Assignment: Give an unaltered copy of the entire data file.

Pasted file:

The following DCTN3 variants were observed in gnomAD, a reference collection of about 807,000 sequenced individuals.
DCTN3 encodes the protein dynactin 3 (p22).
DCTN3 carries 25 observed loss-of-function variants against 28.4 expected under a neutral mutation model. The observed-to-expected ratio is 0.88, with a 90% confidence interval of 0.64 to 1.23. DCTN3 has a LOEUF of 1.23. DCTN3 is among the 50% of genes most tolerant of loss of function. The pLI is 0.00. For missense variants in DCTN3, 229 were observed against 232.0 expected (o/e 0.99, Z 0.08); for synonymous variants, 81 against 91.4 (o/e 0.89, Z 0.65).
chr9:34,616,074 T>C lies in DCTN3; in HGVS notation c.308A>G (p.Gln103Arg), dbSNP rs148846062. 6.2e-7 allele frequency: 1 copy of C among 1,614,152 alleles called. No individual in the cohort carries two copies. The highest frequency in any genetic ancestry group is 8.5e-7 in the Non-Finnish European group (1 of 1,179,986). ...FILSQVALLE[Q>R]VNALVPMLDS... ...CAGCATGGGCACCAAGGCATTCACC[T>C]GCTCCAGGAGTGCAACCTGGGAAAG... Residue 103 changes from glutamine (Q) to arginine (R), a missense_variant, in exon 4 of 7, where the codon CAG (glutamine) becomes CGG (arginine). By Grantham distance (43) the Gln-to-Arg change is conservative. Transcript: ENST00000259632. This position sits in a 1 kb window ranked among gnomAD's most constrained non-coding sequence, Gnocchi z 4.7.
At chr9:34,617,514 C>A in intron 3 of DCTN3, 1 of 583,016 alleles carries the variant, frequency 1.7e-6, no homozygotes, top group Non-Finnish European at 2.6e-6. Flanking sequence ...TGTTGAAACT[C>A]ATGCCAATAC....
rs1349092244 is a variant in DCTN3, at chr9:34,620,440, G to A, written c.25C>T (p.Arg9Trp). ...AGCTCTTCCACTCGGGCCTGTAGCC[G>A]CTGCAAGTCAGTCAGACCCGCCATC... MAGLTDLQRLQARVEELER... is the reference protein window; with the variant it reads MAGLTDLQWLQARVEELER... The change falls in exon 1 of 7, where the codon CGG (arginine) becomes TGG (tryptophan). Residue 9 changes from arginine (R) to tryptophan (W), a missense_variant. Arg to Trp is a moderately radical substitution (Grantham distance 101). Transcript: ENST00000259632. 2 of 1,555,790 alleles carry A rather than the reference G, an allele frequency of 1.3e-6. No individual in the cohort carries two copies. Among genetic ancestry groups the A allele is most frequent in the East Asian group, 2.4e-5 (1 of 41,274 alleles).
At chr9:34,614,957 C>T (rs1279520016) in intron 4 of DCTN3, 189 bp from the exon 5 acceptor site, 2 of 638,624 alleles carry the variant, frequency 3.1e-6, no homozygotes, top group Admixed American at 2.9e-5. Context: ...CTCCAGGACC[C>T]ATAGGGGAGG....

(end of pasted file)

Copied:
The following DCTN3 variants were observed in gnomAD, a reference collection of about 807,000 sequenced individuals.
DCTN3 encodes the protein dynactin 3 (p22).
DCTN3 carries 25 observed loss-of-function variants against 28.4 expected under a neutral mutation model. The observed-to-expected ratio is 0.88, with a 90% confidence interval of 0.64 to 1.23. DCTN3 has a LOEUF of 1.23. DCTN3 is among the 50% of genes most tolerant of loss of function. The pLI is 0.00. For missense variants in DCTN3, 229 were observed against 232.0 expected (o/e 0.99, Z 0.08); for synonymous variants, 81 against 91.4 (o/e 0.89, Z 0.65).
chr9:34,616,074 T>C lies in DCTN3; in HGVS notation c.308A>G (p.Gln103Arg), dbSNP rs148846062. 6.2e-7 allele frequency: 1 copy of C among 1,614,152 alleles called. No individual in the cohort carries two copies. The highest frequency in any genetic ancestry group is 8.5e-7 in the Non-Finnish European group (1 of 1,179,986). ...FILSQVALLE[Q>R]VNALVPMLDS... ...CAGCATGGGCACCAAGGCATTCACC[T>C]GCTCCAGGAGTGCAACCTGGGAAAG... Residue 103 changes from glutamine (Q) to arginine (R), a missense_variant, in exon 4 of 7, where the codon CAG (glutamine) becomes CGG (arginine). By Grantham distance (43) the Gln-to-Arg change is conservative. Transcript: ENST00000259632. This position sits in a 1 kb window ranked among gnomAD's most constrained non-coding sequence, Gnocchi z 4.7.
At chr9:34,617,514 C>A in intron 3 of DCTN3, 1 of 583,016 alleles carries the variant, frequency 1.7e-6, no homozygotes, top group Non-Finnish European at 2.6e-6. Flanking sequence ...TGTTGAAACT[C>A]ATGCCAATAC....
rs1349092244 is a variant in DCTN3, at chr9:34,620,440, G to A, written c.25C>T (p.Arg9Trp). ...AGCTCTTCCACTCGGGCCTGTAGCC[G>A]CTGCAAGTCAGTCAGACCCGCCATC... MAGLTDLQRLQARVEELER... is the reference protein window; with the variant it reads MAGLTDLQWLQARVEELER... The change falls in exon 1 of 7, where the codon CGG (arginine) becomes TGG (tryptophan). Residue 9 changes from arginine (R) to tryptophan (W), a missense_variant. Arg to Trp is a moderately radical substitution (Grantham distance 101). Transcript: ENST00000259632. 2 of 1,555,790 alleles carry A rather than the reference G, an allele frequency of 1.3e-6. No individual in the cohort carries two copies. Among genetic ancestry groups the A allele is most frequent in the East Asian group, 2.4e-5 (1 of 41,274 alleles).
At chr9:34,614,957 C>T (rs1279520016) in intron 4 of DCTN3, 189 bp from the exon 5 acceptor site, 2 of 638,624 alleles carry the variant, frequency 3.1e-6, no homozygotes, top group Admixed American at 2.9e-5. Context: ...CTCCAGGACC[C>T]ATAGGGGAGG....